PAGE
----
If you think you'll ever want to continue your education in Master's of Nursing, it will be exceedingly difficult, if not impossible, to get an admission in any reputable U.S. program because your foreign degree and coursework won't be recognized, however many  expensive "evaluations" they request for your money. Most people I know with foreign nursing degrees have to go through ABSN programs if they want Master's degree in nursing. Interestingly, some Physician Assistant programs are way more friendly and easy to get into. 

I actually did work from 2013 to 2019 in infusion suite in USA doing same responsibility as an RN under the physician license but did not hold the  title as an RN .do you think if I provide proof of this will count ? 

24 minutes ago, Sam84 said:

I actually did work from 2013 to 2019 in infusion suite in USA doing same responsibility as an RN under the physician license but did not hold the  title as an RN .do you think if I provide proof of this will count ? 

How long have you had a BSN and if you worked in the US for 6 yrs why didn't you get one then?

I graduated in 2007 from my BSN overseas and worked as an RN is my forieg country until I moved here . I did not get one cause I tried one time NCLEX within a year of my moving here and did not pass it so I did not try it again . scared of failing again probably and just being irresponsible in life made bad choices and having job that time give me this secure feeling I am OK . I mean I still feel secure but I want to try to fix what I screwed .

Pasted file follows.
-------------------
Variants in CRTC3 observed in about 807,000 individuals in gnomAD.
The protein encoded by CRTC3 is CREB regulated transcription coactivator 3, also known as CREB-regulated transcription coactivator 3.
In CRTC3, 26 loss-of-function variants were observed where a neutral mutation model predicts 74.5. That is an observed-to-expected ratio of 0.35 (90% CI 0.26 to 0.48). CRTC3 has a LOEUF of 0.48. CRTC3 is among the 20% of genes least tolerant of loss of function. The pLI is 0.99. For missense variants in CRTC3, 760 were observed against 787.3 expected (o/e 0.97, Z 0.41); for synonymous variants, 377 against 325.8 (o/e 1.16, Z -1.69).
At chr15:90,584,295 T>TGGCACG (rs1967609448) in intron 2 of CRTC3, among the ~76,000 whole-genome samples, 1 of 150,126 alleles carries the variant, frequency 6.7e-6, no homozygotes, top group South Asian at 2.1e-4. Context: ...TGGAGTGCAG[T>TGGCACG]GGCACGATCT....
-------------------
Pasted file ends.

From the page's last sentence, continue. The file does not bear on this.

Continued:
KatieMI specializes in ICU, LTACH, Internal Medicine.

33 minutes ago, Sam84 said:

I actually did work from 2013 to 2019 in infusion suite in USA doing same responsibility as an RN under the physician license but did not hold the  title as an RN .do you think if I provide proof of this will count ? 

No. Unless you have U.S.  RN title and licensed to practice as such, you are not RN and cannot legally claim to be one.

KatieMI specializes in ICU, LTACH, Internal Medicine.

42 minutes ago, Sam84 said:

Yea I never claimed to be an RN in US . 

Therefore, unfortunately, you cannot claim any part of your previoys experience as "nursing". 

 

KatieMI specializes in ICU, LTACH, Internal Medicine.

2 hours ago, Sam84 said:

 

So, did you pass NCLEX already, or just got your education equivalence for BSN

2 hours ago, Sam84 said:

I graduated in 2007 from my BSN overseas and worked as an RN is my forieg country until I moved here . I did not get one cause I tried one time NCLEX within a year of my moving here and did not pass it so I did not try it again . scared of failing again probably and just being irresponsible in life made bad choices and having job that time give me this secure feeling I am OK . I mean I still feel secure but I want to try to fix what I screwed . 

So the BON told you to take the NCLEX for licensure in The States, is that right? If that's the case, you would have to take the NCLEX no matter which state you move to. If you're unable to pass the NCLEX based upon your education in your foreign country, you would most likely need to take an RN program from the beginning, especially since it's been quite a while since you've tried the NCLEX.